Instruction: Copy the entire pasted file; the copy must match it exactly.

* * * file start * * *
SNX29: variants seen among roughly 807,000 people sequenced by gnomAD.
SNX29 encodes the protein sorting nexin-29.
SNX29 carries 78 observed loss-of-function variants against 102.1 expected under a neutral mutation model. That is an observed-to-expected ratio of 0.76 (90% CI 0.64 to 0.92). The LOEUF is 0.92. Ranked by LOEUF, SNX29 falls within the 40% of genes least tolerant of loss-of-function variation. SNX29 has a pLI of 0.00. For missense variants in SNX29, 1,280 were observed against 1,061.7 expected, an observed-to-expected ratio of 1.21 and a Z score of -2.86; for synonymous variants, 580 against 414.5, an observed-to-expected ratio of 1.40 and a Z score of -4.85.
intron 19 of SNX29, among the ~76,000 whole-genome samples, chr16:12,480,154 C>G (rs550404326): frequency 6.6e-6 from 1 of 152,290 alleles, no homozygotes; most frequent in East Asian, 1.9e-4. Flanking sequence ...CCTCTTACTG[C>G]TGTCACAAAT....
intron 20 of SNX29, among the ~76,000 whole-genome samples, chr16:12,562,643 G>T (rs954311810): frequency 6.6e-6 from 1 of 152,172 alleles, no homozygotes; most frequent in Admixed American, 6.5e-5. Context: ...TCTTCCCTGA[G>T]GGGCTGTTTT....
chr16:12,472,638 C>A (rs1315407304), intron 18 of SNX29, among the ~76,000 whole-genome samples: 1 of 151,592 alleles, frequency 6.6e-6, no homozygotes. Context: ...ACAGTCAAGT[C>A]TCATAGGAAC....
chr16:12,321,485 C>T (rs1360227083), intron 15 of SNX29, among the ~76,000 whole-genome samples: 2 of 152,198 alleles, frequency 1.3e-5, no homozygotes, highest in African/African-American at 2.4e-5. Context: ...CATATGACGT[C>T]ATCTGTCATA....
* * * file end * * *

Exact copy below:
SNX29: variants seen among roughly 807,000 people sequenced by gnomAD.
SNX29 encodes the protein sorting nexin-29.
SNX29 carries 78 observed loss-of-function variants against 102.1 expected under a neutral mutation model. That is an observed-to-expected ratio of 0.76 (90% CI 0.64 to 0.92). The LOEUF is 0.92. Ranked by LOEUF, SNX29 falls within the 40% of genes least tolerant of loss-of-function variation. SNX29 has a pLI of 0.00. For missense variants in SNX29, 1,280 were observed against 1,061.7 expected, an observed-to-expected ratio of 1.21 and a Z score of -2.86; for synonymous variants, 580 against 414.5, an observed-to-expected ratio of 1.40 and a Z score of -4.85.
intron 19 of SNX29, among the ~76,000 whole-genome samples, chr16:12,480,154 C>G (rs550404326): frequency 6.6e-6 from 1 of 152,290 alleles, no homozygotes; most frequent in East Asian, 1.9e-4. Flanking sequence ...CCTCTTACTG[C>G]TGTCACAAAT....
intron 20 of SNX29, among the ~76,000 whole-genome samples, chr16:12,562,643 G>T (rs954311810): frequency 6.6e-6 from 1 of 152,172 alleles, no homozygotes; most frequent in Admixed American, 6.5e-5. Context: ...TCTTCCCTGA[G>T]GGGCTGTTTT....
chr16:12,472,638 C>A (rs1315407304), intron 18 of SNX29, among the ~76,000 whole-genome samples: 1 of 151,592 alleles, frequency 6.6e-6, no homozygotes. Context: ...ACAGTCAAGT[C>A]TCATAGGAAC....
chr16:12,321,485 C>T (rs1360227083), intron 15 of SNX29, among the ~76,000 whole-genome samples: 2 of 152,198 alleles, frequency 1.3e-5, no homozygotes, highest in African/African-American at 2.4e-5. Context: ...CATATGACGT[C>T]ATCTGTCATA....